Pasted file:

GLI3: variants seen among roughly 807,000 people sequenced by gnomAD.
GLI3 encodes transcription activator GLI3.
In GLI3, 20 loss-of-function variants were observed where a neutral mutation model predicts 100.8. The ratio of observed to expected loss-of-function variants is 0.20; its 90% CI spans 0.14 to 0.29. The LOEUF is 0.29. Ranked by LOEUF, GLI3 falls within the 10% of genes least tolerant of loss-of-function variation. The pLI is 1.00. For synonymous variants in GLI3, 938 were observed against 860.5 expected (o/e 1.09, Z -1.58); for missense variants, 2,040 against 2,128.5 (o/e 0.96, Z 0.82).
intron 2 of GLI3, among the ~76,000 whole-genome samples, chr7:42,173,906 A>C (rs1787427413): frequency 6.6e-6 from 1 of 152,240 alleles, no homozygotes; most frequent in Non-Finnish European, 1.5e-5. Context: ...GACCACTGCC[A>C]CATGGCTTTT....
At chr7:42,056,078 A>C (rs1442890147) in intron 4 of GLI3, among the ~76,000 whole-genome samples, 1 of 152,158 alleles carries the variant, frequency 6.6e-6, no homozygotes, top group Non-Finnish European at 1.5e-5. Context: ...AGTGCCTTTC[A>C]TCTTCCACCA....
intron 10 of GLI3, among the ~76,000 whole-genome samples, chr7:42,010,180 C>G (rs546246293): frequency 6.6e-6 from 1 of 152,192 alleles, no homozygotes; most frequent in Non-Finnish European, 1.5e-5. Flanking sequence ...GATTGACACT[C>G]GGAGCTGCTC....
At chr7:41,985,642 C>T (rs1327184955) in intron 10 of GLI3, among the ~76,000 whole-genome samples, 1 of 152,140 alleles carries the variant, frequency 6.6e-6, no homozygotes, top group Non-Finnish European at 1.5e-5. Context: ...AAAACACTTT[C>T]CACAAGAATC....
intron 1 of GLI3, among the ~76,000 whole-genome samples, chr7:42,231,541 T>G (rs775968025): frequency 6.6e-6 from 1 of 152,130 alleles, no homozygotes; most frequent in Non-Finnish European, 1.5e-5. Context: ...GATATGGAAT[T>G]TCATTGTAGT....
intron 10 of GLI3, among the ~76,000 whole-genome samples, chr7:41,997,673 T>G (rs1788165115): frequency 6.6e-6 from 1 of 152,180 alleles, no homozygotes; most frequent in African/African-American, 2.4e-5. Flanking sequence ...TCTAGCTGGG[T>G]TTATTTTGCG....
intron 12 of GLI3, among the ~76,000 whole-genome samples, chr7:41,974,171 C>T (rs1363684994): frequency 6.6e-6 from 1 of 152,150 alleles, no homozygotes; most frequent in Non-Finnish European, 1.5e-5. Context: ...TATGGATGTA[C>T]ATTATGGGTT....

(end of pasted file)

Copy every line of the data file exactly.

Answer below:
GLI3: variants seen among roughly 807,000 people sequenced by gnomAD.
GLI3 encodes transcription activator GLI3.
In GLI3, 20 loss-of-function variants were observed where a neutral mutation model predicts 100.8. The ratio of observed to expected loss-of-function variants is 0.20; its 90% CI spans 0.14 to 0.29. The LOEUF is 0.29. Ranked by LOEUF, GLI3 falls within the 10% of genes least tolerant of loss-of-function variation. The pLI is 1.00. For synonymous variants in GLI3, 938 were observed against 860.5 expected (o/e 1.09, Z -1.58); for missense variants, 2,040 against 2,128.5 (o/e 0.96, Z 0.82).
intron 2 of GLI3, among the ~76,000 whole-genome samples, chr7:42,173,906 A>C (rs1787427413): frequency 6.6e-6 from 1 of 152,240 alleles, no homozygotes; most frequent in Non-Finnish European, 1.5e-5. Context: ...GACCACTGCC[A>C]CATGGCTTTT....
At chr7:42,056,078 A>C (rs1442890147) in intron 4 of GLI3, among the ~76,000 whole-genome samples, 1 of 152,158 alleles carries the variant, frequency 6.6e-6, no homozygotes, top group Non-Finnish European at 1.5e-5. Context: ...AGTGCCTTTC[A>C]TCTTCCACCA....
intron 10 of GLI3, among the ~76,000 whole-genome samples, chr7:42,010,180 C>G (rs546246293): frequency 6.6e-6 from 1 of 152,192 alleles, no homozygotes; most frequent in Non-Finnish European, 1.5e-5. Flanking sequence ...GATTGACACT[C>G]GGAGCTGCTC....
At chr7:41,985,642 C>T (rs1327184955) in intron 10 of GLI3, among the ~76,000 whole-genome samples, 1 of 152,140 alleles carries the variant, frequency 6.6e-6, no homozygotes, top group Non-Finnish European at 1.5e-5. Context: ...AAAACACTTT[C>T]CACAAGAATC....
intron 1 of GLI3, among the ~76,000 whole-genome samples, chr7:42,231,541 T>G (rs775968025): frequency 6.6e-6 from 1 of 152,130 alleles, no homozygotes; most frequent in Non-Finnish European, 1.5e-5. Context: ...GATATGGAAT[T>G]TCATTGTAGT....
intron 10 of GLI3, among the ~76,000 whole-genome samples, chr7:41,997,673 T>G (rs1788165115): frequency 6.6e-6 from 1 of 152,180 alleles, no homozygotes; most frequent in African/African-American, 2.4e-5. Flanking sequence ...TCTAGCTGGG[T>G]TTATTTTGCG....
intron 12 of GLI3, among the ~76,000 whole-genome samples, chr7:41,974,171 C>T (rs1363684994): frequency 6.6e-6 from 1 of 152,150 alleles, no homozygotes; most frequent in Non-Finnish European, 1.5e-5. Context: ...TATGGATGTA[C>T]ATTATGGGTT....